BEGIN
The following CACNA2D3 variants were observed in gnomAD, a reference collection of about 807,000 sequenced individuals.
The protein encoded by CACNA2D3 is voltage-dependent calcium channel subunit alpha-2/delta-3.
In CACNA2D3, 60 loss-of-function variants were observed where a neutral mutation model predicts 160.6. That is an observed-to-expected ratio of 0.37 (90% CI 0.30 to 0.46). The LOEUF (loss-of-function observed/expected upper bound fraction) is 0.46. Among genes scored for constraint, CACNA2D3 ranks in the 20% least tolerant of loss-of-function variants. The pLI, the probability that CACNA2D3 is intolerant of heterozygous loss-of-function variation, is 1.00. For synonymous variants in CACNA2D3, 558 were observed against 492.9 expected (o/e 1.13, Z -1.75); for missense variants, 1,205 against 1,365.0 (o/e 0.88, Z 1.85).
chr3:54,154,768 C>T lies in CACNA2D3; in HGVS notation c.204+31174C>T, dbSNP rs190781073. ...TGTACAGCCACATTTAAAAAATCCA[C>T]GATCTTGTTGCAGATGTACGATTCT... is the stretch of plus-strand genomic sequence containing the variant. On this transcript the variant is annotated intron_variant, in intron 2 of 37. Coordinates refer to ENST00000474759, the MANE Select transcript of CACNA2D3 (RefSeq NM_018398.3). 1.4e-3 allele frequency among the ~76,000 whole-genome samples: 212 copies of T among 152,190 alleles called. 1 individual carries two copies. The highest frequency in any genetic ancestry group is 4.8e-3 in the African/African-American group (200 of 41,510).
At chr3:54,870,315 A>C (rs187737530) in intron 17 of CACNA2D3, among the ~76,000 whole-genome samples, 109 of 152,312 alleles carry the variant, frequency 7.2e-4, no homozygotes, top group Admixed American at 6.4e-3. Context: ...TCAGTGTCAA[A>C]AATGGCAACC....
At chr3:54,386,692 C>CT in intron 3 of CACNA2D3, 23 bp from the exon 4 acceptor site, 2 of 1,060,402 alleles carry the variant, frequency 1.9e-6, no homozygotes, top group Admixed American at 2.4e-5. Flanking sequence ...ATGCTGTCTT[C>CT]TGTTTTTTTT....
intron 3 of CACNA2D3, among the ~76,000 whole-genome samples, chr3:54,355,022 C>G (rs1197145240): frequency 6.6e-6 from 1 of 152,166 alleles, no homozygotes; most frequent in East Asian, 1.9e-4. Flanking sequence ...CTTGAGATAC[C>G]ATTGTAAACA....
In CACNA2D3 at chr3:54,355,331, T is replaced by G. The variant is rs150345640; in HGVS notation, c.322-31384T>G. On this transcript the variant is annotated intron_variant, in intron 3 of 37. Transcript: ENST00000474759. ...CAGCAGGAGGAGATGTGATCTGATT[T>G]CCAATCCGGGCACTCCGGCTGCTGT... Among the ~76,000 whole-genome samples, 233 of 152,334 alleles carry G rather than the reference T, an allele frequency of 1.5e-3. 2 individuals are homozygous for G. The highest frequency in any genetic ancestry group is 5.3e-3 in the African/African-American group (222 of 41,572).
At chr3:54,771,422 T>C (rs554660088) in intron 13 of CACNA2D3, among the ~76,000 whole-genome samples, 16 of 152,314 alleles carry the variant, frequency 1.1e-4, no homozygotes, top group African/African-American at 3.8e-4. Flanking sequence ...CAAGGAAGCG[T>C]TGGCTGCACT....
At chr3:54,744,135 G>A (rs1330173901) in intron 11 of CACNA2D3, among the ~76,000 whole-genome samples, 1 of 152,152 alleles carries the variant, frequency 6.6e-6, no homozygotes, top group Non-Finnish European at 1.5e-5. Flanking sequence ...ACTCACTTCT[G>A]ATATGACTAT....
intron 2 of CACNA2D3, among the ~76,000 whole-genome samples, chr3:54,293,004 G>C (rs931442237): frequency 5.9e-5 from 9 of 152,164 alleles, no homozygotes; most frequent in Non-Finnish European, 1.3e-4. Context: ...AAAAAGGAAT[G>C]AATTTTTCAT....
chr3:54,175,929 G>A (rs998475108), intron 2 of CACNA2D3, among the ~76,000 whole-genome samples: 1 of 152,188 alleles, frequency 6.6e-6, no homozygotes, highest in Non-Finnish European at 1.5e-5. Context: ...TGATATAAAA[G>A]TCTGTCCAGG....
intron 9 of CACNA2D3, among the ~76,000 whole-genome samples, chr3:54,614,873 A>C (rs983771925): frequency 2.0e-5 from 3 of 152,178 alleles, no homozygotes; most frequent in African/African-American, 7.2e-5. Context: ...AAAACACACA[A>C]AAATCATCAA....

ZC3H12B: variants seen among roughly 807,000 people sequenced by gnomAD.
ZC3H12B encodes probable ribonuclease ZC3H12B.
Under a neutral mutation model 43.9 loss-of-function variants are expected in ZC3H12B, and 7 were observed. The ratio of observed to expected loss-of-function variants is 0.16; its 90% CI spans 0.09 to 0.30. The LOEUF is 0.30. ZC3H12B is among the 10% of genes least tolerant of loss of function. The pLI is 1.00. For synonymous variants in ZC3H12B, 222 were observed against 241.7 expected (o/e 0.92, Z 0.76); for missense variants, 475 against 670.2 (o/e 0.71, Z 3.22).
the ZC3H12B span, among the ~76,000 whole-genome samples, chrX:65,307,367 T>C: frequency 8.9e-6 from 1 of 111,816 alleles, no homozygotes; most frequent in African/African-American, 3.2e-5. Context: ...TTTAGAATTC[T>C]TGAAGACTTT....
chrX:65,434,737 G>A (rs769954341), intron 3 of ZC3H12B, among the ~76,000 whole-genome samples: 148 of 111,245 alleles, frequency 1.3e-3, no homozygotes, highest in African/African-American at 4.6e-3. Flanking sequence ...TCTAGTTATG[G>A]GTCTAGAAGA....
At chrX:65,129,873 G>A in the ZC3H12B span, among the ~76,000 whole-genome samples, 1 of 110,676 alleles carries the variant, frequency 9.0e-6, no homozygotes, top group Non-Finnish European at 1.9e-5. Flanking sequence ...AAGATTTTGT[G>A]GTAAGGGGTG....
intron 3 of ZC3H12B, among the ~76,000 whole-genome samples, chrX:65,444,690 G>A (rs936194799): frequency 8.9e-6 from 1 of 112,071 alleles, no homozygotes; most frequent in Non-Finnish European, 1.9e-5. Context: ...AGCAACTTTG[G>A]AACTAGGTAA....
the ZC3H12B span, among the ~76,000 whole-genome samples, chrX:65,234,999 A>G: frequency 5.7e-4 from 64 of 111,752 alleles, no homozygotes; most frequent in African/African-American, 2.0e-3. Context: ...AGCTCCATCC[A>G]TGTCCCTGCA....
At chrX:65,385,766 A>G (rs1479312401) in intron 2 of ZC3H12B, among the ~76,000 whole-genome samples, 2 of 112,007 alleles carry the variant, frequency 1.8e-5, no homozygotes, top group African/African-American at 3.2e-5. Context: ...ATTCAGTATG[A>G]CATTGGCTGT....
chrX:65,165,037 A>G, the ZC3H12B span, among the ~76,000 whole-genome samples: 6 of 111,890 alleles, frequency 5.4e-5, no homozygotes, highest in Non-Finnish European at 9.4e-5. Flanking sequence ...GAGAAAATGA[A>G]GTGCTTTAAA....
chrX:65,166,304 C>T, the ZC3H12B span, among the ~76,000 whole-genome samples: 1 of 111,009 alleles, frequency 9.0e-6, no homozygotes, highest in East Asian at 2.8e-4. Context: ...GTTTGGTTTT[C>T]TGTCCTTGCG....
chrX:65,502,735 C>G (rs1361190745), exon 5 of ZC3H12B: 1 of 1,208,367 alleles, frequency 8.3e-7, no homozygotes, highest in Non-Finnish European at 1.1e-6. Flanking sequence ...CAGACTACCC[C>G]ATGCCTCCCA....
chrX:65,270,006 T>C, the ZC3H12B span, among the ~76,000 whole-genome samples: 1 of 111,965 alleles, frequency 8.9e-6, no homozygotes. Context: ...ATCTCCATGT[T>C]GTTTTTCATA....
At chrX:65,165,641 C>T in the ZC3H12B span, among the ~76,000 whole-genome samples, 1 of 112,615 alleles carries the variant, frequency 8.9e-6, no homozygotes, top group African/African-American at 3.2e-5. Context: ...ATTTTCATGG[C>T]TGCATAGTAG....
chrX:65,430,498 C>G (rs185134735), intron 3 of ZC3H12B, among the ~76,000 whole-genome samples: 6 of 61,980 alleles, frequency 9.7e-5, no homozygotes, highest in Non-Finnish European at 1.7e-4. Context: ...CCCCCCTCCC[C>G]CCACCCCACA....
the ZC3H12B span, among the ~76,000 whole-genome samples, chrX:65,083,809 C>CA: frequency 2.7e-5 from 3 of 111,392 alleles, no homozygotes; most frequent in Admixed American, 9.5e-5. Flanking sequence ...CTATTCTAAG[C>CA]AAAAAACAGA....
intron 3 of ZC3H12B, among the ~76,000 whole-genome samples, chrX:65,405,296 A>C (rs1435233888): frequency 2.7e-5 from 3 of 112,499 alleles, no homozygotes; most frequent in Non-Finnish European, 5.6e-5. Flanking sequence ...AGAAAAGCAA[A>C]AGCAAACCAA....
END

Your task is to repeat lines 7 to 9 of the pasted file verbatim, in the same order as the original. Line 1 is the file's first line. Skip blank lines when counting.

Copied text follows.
intron 3 of CACNA2D3, among the ~76,000 whole-genome samples, chr3:54,355,022 C>G (rs1197145240): frequency 6.6e-6 from 1 of 152,166 alleles, no homozygotes; most frequent in East Asian, 1.9e-4. Flanking sequence ...CTTGAGATAC[C>G]ATTGTAAACA....
In CACNA2D3 at chr3:54,355,331, T is replaced by G. The variant is rs150345640; in HGVS notation, c.322-31384T>G. On this transcript the variant is annotated intron_variant, in intron 3 of 37. Transcript: ENST00000474759. ...CAGCAGGAGGAGATGTGATCTGATT[T>G]CCAATCCGGGCACTCCGGCTGCTGT... Among the ~76,000 whole-genome samples, 233 of 152,334 alleles carry G rather than the reference T, an allele frequency of 1.5e-3. 2 individuals are homozygous for G. The highest frequency in any genetic ancestry group is 5.3e-3 in the African/African-American group (222 of 41,572).
At chr3:54,771,422 T>C (rs554660088) in intron 13 of CACNA2D3, among the ~76,000 whole-genome samples, 16 of 152,314 alleles carry the variant, frequency 1.1e-4, no homozygotes, top group African/African-American at 3.8e-4. Flanking sequence ...CAAGGAAGCG[T>C]TGGCTGCACT....